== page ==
Maryland officials reported 776 new coronavirus cases on Saturday, more of a third of which were in patients ages 10 to 19 — the highest percentage for that age group yet.
The cases among the group have been ticking up all week, something experts say should be closely monitored as the school year begins. That age group accounted for 38% of the new COVID-19 cases Saturday, up from nearly 20% the day before. The latest figures come as the state’s public schools plan to start the year virtually, but many private schools and some colleges are bringing students back for in-person learning.
Maryland Department of Health “is aware of the increase of COVID-19 cases in the 10-19 age range and is carefully monitoring this trend with our local partners at the health departments,” Charles Gischlar, a spokesman for the department, said Friday.
The state has confirmed 111,607 total cases of COVID-19, the disease caused by the coronavirus, since it started collecting data in March.
Maryland added seven more deaths since Friday, bringing the fatality toll from the illness to 3,652. An additional 144 people have probably died due to COVID-19, but laboratory results to confirm their diagnosis are pending.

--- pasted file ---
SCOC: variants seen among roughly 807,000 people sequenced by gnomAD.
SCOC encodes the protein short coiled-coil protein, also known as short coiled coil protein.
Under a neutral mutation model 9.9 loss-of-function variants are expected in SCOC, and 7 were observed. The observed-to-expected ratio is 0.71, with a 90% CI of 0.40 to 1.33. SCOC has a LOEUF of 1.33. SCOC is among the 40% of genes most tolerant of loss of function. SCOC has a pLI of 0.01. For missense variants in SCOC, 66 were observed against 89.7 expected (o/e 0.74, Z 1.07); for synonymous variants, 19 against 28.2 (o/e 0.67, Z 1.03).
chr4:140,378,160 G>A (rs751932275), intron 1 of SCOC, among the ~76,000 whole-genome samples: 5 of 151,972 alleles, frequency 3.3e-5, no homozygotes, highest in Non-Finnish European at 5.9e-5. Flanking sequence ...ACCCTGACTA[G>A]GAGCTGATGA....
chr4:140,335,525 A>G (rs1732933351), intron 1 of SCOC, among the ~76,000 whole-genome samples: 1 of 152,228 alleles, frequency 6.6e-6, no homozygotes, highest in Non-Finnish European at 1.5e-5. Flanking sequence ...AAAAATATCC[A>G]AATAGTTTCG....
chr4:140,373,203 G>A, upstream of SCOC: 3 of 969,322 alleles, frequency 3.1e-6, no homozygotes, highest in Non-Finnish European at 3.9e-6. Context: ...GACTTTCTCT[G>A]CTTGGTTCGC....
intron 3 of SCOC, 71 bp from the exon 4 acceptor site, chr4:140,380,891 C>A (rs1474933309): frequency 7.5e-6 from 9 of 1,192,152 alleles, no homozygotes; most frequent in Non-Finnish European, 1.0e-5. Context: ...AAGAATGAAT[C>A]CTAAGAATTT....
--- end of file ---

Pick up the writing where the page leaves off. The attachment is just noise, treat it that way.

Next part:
Officials on Saturday reported that hospitalizations declined by 42 to a total of 353, continuing a week-long stretch in which that metric has remained below 400. Of those hospitalized, 100 are in intensive care, which is eight fewer than Friday.
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Republican Gov. Larry Hogan moved the state into Stage Three of its reopening plan on Friday, allowing all businesses — including movie theaters and other entertainment venues — to reopen at limited capacity, subject to local restrictions, before Labor Day weekend.
The positivity rate in Worcester County, home to Ocean City, dropped slightly but remained more than twice as high as the statewide figure, at 7.95%. Although the county has only reported 876 cases and 25 deaths, health experts are urging people to follow health guidelines because Ocean City’s population is expected to spike during the last summer weekend.
While young people account for more of the state’s caseload, Marylanders 60 and older account for 86% of the state’s death toll. Those 80 and older account for 45% of deaths.